The attempt at kickstarting this project through Kickstarter failed, so the goal of creating a photo book is now distant. However, I’m not giving up on pursuing the project as hobby, and I’m going to be using this blog as the means through which I can generate content and receive feedback.
What is the goal? Create a collection of photographs detailing each and every county of the State of California in contrasting seasonal contexts.
So I start with my first journey, and really my first foray into the world of using a camera that isn’t also a phone.
Two weeks ago, I traveled east of the Sierra Nevada to attempt to capture whatever fall foliage there might be. Here are some of the highlights. Since this is a county-based idea, I will proceed county by county.
Alpine County: the remote corner of the state. It has the smallest population of any California county: 1,175.
What I like about the Eastern Sierra is its stark remoteness. While Alpine County isn’t technically part of the Eastern Sierra (since most of it lies west of the Sierra Crest), I appreciate this shot for capturing how the lush montane forest immediately meets the desert sage as the mountains descend into a valley.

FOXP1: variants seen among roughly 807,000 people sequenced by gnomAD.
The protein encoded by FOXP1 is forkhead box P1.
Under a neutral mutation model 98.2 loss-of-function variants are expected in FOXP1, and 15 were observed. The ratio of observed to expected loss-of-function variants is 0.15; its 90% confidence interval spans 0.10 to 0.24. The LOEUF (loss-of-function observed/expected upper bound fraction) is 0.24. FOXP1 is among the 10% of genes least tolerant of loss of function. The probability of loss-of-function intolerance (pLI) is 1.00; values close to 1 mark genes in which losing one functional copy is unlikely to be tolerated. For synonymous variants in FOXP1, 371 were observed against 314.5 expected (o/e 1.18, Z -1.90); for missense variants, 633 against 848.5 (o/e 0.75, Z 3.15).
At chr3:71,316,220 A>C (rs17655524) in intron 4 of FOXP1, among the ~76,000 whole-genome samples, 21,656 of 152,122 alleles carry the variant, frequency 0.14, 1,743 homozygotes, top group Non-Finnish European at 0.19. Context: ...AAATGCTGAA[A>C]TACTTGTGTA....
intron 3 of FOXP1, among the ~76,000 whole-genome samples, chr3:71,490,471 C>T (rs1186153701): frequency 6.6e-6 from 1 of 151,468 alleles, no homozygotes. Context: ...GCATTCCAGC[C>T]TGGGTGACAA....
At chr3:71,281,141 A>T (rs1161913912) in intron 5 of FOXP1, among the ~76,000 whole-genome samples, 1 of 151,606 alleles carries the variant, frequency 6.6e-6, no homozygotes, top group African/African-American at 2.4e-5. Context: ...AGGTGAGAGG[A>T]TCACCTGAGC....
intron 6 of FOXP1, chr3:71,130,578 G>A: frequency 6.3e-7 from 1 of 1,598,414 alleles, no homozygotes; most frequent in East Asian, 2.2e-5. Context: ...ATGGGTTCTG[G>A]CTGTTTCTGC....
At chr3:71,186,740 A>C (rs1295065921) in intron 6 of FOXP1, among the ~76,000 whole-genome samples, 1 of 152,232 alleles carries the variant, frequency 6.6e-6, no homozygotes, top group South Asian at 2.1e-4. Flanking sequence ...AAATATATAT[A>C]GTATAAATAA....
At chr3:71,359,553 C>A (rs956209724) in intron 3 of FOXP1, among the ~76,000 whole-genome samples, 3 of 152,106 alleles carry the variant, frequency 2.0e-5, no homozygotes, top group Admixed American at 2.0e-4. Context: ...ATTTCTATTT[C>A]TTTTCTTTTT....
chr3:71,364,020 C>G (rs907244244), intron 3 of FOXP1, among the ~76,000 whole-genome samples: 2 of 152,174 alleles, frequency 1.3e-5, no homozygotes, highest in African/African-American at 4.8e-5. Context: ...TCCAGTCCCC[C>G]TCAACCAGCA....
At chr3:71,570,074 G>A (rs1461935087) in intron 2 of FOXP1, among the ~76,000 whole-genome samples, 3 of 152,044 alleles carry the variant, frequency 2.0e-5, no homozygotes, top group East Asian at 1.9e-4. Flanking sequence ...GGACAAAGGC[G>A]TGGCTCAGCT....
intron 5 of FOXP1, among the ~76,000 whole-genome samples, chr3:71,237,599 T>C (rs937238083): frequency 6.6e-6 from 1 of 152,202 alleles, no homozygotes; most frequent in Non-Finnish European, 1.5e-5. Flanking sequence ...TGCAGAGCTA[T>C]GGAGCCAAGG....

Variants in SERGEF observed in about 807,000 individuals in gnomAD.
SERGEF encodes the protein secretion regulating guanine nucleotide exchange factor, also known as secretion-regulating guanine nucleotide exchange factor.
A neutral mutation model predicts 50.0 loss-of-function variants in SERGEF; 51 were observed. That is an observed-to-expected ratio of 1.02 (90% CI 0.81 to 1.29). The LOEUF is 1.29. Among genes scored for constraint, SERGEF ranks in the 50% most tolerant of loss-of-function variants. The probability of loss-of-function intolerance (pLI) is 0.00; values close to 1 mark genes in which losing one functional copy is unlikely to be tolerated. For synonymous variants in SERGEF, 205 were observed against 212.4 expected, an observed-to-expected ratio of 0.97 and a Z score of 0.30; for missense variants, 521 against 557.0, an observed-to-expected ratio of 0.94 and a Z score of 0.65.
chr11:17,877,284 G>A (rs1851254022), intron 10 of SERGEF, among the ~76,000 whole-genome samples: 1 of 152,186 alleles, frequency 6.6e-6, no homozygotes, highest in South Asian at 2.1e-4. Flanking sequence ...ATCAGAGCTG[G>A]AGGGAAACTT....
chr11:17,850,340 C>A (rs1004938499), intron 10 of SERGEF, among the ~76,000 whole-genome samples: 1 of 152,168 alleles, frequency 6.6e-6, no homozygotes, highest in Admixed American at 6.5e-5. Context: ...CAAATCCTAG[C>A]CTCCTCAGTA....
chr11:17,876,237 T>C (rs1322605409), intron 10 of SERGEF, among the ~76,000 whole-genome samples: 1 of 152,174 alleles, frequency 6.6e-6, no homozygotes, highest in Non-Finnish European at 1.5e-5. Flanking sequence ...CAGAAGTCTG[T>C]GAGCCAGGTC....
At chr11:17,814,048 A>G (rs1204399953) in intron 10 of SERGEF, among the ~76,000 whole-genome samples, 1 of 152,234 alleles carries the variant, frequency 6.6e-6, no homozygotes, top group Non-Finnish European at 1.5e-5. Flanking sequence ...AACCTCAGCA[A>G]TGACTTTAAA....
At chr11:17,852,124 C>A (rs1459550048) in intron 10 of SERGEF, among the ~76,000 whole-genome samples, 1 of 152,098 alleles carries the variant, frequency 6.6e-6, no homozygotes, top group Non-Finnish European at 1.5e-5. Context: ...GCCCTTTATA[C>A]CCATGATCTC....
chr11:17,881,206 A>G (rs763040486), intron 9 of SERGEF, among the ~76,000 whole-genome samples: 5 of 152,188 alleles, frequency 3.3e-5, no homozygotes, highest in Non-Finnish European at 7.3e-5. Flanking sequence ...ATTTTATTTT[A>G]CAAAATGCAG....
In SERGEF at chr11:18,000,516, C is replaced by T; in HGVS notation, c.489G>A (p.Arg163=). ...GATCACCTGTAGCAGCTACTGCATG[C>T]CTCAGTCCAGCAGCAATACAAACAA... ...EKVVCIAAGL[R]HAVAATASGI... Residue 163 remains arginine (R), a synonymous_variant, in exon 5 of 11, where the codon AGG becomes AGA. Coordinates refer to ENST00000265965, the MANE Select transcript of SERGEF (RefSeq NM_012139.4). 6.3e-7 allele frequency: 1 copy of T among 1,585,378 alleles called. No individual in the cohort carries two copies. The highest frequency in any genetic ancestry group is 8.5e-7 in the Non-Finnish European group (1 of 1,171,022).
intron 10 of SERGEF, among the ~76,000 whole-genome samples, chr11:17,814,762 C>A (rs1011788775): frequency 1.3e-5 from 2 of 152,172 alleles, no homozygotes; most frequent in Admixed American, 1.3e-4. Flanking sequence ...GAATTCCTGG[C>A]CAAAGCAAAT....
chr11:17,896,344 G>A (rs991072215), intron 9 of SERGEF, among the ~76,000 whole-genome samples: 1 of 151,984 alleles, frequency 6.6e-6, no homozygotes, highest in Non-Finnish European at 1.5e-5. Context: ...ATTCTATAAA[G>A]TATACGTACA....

I have a lot more pictures of the much more traveled Mono County.
Mono County has a population of 14,202. It’s still small, but not nearly as small as its northern counterpart. It’s named for Mono Lake, the central feature of its geography.
A fraction of Mono Lake with the White Mountains in the background.
Mono Lake was named for the Mono People, a native Paiute tribe indigenous to the Eastern Sierra. Mono Lake may be one of the oldest lakes in North America, but starting in 1941, the City of Los Angeles began diverting water from the Mono Basin, shrinking the lake and threatening its existence. Due to conservation efforts, Los Angeles was required to restore the lake to previous levels, a process which is ongoing.
The lake is an enigma. It stands on a barren piece of earth, in the rain shadow of the Eastern Sierra, and yet it provides such a lush environment for migratory birds. Its famed tufa columns (not pictured here) seem to defy sense and gravity.
The lake is cool and all, but what really attracts me to Mono County is the diversity of landscape from the desert…
…to its mountain passes…
…and all its peculiarities in between.
There are many more pictures where that came from, but I would like to continue on to a county dear to my heart: Inyo County.
Inyo County contains both the highest point in the 48 contiguous states (Mount Whitney) and the lowest point in the Western Hemisphere (Badwater Basin of Death Valley). A special gem of the county is the John Muir Wilderness of the Inyo National Forest, east of the Sierra Crest and the Sequoia and Kings Canyon National Parks. It is truly sublime.
It even had a fair bit of autumn foliage.
I’d like to end this with two pictures from places that aren’t technically in the Eastern Sierra, one from Tuolumne (too-ALL-oh-me) County (better known for Yosemite)…
…and one from Fresno County, known for farms, air pollution, cattle ranches, and the breathtaking alpine tundra of Kings Canyon National Park: